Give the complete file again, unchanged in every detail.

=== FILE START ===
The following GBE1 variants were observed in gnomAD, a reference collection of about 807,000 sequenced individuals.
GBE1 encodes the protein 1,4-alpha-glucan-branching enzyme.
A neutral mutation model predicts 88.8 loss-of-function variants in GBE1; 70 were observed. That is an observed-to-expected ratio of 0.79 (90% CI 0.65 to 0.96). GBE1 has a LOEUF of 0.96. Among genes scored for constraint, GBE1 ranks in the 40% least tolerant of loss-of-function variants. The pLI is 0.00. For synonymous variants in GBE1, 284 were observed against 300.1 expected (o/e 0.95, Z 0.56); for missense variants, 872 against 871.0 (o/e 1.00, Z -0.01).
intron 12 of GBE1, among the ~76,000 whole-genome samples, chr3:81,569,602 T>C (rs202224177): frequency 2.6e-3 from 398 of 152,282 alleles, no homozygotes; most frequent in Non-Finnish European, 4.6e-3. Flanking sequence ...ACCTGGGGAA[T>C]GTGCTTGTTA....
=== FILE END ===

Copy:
The following GBE1 variants were observed in gnomAD, a reference collection of about 807,000 sequenced individuals.
GBE1 encodes the protein 1,4-alpha-glucan-branching enzyme.
A neutral mutation model predicts 88.8 loss-of-function variants in GBE1; 70 were observed. That is an observed-to-expected ratio of 0.79 (90% CI 0.65 to 0.96). GBE1 has a LOEUF of 0.96. Among genes scored for constraint, GBE1 ranks in the 40% least tolerant of loss-of-function variants. The pLI is 0.00. For synonymous variants in GBE1, 284 were observed against 300.1 expected (o/e 0.95, Z 0.56); for missense variants, 872 against 871.0 (o/e 1.00, Z -0.01).
intron 12 of GBE1, among the ~76,000 whole-genome samples, chr3:81,569,602 T>C (rs202224177): frequency 2.6e-3 from 398 of 152,282 alleles, no homozygotes; most frequent in Non-Finnish European, 4.6e-3. Flanking sequence ...ACCTGGGGAA[T>C]GTGCTTGTTA....